Thursday, June 6, 2013

New revision to the number of jobs needed to maintain a steady unemployment rate. The change is dramatic and of consequence!

When the monthly employment report is published by the Bureau of Labor Statistics (BLS) it reports the number of new jobs created and lost during the month and the change in the unemployment rate.  In a seemingly odd quirk, when there is a net gain in jobs created sometimes the unemployment rate goes down (as it seems it should) OR up (as it seems it SHOULDN'T).  How does that happen?

Variables such as a change in population due to birth rates or aging, new entrants such as high school or college graduates, immigration, can affect the number of people classified as part of the labor force.

In a recovering economy the only way to bring down the unemployment rate is to have net job creation that is greater than the number of new entrants/re-entrants into the labor force PLUS some that are already in the labor force but are currently classified as officially unemployed.

 Net job creation can be positive but unless it at least EQUALS the change in labor force then the unemployment rate will stay the same.  If less, then the unemployment rate will increase (ceteris paribus).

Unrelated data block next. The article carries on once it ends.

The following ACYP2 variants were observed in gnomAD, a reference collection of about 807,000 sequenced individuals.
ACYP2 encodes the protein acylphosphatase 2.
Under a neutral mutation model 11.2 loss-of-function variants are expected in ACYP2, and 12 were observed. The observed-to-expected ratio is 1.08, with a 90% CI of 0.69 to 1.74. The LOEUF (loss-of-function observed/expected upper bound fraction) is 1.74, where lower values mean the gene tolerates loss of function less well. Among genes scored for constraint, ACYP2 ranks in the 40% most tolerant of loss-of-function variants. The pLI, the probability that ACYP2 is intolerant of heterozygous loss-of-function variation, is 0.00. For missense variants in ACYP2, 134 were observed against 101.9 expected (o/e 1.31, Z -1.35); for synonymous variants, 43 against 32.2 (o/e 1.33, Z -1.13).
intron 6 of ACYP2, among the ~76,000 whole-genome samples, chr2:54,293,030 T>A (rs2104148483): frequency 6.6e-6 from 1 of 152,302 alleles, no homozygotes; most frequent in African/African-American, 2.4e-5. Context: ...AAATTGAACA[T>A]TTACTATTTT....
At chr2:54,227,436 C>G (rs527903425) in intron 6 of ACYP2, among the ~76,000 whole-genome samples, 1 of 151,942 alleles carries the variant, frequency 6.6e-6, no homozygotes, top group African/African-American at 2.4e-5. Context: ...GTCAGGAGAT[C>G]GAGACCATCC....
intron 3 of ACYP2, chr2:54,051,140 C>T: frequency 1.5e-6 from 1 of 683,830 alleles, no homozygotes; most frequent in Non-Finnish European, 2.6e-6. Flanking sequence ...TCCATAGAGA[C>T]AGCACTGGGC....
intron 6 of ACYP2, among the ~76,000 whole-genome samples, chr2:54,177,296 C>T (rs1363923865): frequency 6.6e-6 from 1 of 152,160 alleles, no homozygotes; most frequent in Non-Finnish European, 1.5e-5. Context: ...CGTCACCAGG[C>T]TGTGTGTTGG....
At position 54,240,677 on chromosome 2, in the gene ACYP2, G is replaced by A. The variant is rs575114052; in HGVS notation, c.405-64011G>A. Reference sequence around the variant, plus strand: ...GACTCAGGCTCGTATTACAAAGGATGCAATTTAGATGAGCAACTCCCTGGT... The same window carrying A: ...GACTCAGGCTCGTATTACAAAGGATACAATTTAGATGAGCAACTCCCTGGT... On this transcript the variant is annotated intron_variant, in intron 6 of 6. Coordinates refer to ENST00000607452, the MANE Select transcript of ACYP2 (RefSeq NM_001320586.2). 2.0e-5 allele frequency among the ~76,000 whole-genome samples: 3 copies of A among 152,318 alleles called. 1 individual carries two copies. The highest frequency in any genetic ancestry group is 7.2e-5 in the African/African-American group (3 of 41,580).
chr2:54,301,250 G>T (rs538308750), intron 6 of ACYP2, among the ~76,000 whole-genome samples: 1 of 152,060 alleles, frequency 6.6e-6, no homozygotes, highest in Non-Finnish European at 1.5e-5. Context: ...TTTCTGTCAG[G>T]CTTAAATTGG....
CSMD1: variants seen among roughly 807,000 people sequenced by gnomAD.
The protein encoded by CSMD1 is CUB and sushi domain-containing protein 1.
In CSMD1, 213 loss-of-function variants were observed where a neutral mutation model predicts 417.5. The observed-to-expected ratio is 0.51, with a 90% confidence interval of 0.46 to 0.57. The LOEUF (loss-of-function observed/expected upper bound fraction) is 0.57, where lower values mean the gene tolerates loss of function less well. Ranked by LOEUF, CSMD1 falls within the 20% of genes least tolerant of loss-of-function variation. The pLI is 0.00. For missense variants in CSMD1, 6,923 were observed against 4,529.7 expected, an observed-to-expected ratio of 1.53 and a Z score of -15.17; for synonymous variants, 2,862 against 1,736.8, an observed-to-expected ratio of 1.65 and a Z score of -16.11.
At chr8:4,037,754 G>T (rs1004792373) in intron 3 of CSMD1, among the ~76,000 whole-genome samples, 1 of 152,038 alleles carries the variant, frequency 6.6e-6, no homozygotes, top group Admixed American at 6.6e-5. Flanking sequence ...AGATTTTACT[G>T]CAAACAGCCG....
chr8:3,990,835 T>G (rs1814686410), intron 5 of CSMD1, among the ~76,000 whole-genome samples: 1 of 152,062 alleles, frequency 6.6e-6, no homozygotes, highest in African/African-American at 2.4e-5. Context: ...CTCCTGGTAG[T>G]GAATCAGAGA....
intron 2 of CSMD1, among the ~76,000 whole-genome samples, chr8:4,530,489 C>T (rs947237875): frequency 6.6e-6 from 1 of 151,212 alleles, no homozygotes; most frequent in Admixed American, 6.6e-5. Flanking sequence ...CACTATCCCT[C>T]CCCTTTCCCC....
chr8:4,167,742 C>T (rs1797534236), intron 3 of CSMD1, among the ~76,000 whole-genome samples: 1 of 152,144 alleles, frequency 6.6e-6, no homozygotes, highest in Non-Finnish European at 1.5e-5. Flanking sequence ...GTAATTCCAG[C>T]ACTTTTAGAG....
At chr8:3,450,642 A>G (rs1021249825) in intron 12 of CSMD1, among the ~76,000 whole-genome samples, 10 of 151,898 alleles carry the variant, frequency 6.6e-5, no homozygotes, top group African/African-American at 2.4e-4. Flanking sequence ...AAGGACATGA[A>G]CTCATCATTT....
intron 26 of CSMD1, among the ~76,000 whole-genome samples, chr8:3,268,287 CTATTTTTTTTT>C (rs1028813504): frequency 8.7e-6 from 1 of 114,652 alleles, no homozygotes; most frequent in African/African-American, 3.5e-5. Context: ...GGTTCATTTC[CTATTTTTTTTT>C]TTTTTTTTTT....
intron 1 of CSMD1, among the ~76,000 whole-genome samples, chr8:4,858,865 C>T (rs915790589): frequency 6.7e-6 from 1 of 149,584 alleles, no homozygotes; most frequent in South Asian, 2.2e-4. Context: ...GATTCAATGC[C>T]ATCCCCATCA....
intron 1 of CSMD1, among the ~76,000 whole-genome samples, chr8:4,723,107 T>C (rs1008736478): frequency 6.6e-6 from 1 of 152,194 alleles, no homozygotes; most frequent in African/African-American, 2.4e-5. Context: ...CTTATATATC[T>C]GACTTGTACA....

Previously in the media and in the economic blogosphere, economist have suggested that we need anywhere between 150,00 to 225,000 net new jobs just to keep up with the increase in the labor force.

A new study from the Federal Reserve suggests this number is MUCH lower, about 80,000 per month!

Here is a short excerpt.  The paper is very short and has some interesting graphs. I encourage you to read it to keep up on this important trend in the labor markets!

Estimating the trend in employment growth
For the unemployment rate to decline, the U.S. economy needs to generate above-trend
job growth. We currently estimate trend employment growth to be around 80,000 jobs
per month,
and we expect it to decline over the remainder of the decade, due largely
to changing labor force demographics and slower population growth.
View My Stats